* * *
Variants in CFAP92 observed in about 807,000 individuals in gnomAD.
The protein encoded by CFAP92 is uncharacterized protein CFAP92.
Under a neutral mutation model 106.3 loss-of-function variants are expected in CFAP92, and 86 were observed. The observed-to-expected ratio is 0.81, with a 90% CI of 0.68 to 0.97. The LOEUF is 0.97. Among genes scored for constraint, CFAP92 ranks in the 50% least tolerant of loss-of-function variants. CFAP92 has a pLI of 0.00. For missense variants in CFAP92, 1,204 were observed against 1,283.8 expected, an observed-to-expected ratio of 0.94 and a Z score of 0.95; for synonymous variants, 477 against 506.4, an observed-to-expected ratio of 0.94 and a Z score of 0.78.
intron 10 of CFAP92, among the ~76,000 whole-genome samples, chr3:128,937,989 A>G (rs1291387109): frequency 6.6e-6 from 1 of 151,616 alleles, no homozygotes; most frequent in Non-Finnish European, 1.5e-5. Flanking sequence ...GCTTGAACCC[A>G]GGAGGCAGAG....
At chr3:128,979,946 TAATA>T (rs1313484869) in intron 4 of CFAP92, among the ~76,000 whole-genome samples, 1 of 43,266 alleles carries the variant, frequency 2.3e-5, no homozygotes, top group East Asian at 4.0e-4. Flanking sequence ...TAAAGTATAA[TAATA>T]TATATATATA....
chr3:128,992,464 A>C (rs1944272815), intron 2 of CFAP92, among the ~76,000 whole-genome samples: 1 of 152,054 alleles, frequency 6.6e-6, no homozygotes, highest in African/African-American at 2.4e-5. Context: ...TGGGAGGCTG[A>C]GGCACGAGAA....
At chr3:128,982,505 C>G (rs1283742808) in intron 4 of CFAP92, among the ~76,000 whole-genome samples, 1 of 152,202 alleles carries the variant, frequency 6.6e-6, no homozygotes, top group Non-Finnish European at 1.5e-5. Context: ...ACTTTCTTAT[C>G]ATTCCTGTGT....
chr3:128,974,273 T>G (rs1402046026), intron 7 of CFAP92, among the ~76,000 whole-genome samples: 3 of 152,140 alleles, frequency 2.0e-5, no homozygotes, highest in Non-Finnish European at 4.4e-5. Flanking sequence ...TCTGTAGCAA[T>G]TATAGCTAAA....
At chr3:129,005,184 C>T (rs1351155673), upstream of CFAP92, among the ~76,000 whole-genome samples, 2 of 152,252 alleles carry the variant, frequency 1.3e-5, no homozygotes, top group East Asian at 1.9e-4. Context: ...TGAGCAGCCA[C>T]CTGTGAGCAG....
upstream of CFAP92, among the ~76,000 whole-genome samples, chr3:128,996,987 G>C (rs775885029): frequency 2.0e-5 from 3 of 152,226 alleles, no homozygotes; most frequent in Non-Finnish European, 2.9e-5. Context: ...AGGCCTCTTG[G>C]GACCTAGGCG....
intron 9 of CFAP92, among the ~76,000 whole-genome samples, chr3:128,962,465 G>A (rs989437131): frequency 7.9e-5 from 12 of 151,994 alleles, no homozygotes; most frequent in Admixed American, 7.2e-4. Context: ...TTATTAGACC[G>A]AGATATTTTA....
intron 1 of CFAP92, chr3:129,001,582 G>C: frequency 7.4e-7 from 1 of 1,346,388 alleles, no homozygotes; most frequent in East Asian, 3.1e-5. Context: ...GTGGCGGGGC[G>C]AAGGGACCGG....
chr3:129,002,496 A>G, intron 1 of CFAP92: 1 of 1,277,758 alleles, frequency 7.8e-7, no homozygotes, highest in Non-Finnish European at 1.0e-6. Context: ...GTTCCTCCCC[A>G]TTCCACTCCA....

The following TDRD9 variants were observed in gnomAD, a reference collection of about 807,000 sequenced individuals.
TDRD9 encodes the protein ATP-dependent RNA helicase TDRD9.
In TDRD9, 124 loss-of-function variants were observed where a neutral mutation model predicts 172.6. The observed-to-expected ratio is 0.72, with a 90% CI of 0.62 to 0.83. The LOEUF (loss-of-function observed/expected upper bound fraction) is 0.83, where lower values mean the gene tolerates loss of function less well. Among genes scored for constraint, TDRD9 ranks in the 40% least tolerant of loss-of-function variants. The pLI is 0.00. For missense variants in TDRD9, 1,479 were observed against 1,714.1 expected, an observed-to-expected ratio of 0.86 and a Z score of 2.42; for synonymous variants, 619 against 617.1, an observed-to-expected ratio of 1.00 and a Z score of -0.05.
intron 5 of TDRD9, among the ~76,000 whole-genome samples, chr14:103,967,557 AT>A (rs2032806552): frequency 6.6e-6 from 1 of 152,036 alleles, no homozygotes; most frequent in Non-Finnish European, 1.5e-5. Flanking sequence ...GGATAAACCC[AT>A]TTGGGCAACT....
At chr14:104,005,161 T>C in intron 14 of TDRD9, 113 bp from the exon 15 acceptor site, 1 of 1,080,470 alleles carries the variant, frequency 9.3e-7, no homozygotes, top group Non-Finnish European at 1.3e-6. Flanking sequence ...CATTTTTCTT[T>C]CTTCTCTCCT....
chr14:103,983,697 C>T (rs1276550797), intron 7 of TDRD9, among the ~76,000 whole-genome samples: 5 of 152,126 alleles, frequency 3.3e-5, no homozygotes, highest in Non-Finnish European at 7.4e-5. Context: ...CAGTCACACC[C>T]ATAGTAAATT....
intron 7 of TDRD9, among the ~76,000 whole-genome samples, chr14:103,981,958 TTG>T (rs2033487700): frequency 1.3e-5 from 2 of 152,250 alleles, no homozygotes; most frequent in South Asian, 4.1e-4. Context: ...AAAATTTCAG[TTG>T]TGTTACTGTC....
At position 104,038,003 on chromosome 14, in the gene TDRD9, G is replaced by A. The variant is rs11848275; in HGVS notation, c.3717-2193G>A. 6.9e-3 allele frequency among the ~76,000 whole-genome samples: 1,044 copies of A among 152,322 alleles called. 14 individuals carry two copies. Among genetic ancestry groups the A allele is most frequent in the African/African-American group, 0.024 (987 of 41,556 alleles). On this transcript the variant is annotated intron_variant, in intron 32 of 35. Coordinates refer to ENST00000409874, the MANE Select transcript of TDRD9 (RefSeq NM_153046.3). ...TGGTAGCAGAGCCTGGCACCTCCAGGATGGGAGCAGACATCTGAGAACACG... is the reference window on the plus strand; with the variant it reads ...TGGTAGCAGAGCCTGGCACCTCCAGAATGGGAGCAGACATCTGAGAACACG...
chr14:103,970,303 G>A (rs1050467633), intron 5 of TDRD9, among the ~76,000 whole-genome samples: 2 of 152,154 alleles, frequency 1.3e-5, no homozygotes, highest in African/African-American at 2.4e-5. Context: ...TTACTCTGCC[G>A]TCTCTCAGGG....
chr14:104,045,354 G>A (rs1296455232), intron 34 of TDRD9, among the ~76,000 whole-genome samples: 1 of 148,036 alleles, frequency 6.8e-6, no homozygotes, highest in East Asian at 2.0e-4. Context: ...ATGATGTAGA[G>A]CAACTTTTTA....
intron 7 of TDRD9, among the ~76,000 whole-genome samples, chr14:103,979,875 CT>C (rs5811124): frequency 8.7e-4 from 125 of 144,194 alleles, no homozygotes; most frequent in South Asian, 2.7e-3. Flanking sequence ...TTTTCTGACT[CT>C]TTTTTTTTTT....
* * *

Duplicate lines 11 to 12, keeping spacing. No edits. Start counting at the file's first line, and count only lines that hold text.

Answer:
intron 9 of CFAP92, among the ~76,000 whole-genome samples, chr3:128,962,465 G>A (rs989437131): frequency 7.9e-5 from 12 of 151,994 alleles, no homozygotes; most frequent in Admixed American, 7.2e-4. Context: ...TTATTAGACC[G>A]AGATATTTTA....
intron 1 of CFAP92, chr3:129,001,582 G>C: frequency 7.4e-7 from 1 of 1,346,388 alleles, no homozygotes; most frequent in East Asian, 3.1e-5. Context: ...GTGGCGGGGC[G>C]AAGGGACCGG....